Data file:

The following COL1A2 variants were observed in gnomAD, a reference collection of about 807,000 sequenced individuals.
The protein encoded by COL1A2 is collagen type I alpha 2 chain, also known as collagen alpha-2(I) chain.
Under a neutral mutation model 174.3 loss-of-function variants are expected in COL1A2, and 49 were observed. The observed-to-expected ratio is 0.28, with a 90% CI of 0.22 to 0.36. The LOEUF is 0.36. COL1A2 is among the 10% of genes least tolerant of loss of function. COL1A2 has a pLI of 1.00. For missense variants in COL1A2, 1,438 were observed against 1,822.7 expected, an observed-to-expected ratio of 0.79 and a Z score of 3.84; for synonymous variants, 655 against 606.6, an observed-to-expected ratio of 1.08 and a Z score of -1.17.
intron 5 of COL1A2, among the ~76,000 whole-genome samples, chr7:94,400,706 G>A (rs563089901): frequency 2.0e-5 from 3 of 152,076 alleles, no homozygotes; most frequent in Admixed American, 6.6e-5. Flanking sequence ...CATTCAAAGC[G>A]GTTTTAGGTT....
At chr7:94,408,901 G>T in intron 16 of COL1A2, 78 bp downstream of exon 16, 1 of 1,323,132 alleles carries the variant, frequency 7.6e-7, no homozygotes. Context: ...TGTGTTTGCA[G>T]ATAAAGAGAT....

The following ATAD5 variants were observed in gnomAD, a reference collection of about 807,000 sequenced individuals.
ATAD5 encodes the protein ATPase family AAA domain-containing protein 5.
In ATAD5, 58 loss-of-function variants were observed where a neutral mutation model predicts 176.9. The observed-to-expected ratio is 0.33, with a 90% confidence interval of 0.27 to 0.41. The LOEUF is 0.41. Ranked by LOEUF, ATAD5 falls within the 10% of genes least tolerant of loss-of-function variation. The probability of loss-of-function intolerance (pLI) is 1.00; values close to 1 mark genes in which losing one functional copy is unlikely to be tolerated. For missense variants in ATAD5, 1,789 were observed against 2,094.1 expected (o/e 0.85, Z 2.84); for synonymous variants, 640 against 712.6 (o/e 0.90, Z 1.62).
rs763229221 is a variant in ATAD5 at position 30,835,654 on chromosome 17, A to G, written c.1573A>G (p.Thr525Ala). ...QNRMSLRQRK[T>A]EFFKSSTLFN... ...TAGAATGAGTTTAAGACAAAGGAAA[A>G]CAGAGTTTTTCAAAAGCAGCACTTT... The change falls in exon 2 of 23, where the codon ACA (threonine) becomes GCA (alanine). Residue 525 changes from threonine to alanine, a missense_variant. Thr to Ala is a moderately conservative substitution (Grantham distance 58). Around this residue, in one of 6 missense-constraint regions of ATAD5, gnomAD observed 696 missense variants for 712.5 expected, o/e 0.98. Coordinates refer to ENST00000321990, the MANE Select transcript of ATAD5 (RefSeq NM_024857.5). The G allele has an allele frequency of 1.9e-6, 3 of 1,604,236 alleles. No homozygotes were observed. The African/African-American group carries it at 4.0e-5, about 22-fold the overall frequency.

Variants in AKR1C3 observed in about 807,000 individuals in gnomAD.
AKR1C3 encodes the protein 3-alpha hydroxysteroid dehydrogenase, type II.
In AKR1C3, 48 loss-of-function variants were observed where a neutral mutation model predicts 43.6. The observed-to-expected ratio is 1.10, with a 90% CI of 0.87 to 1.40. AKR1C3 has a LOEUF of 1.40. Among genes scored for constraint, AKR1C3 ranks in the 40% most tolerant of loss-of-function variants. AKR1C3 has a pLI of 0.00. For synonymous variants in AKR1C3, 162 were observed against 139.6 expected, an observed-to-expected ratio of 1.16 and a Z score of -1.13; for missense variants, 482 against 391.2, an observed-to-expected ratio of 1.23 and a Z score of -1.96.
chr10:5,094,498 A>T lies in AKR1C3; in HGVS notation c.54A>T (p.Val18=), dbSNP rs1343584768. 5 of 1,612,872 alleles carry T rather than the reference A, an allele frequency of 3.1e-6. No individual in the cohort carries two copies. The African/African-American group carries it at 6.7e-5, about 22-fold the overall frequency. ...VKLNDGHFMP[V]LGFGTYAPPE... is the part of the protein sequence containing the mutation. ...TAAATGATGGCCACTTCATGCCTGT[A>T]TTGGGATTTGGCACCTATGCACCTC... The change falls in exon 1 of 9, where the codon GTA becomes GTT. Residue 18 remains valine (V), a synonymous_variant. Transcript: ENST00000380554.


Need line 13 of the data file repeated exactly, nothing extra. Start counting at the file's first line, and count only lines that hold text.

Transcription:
chr10:5,094,498 A>T lies in AKR1C3; in HGVS notation c.54A>T (p.Val18=), dbSNP rs1343584768. 5 of 1,612,872 alleles carry T rather than the reference A, an allele frequency of 3.1e-6. No individual in the cohort carries two copies. The African/African-American group carries it at 6.7e-5, about 22-fold the overall frequency. ...VKLNDGHFMP[V]LGFGTYAPPE... is the part of the protein sequence containing the mutation. ...TAAATGATGGCCACTTCATGCCTGT[A>T]TTGGGATTTGGCACCTATGCACCTC... The change falls in exon 1 of 9, where the codon GTA becomes GTT. Residue 18 remains valine (V), a synonymous_variant. Transcript: ENST00000380554.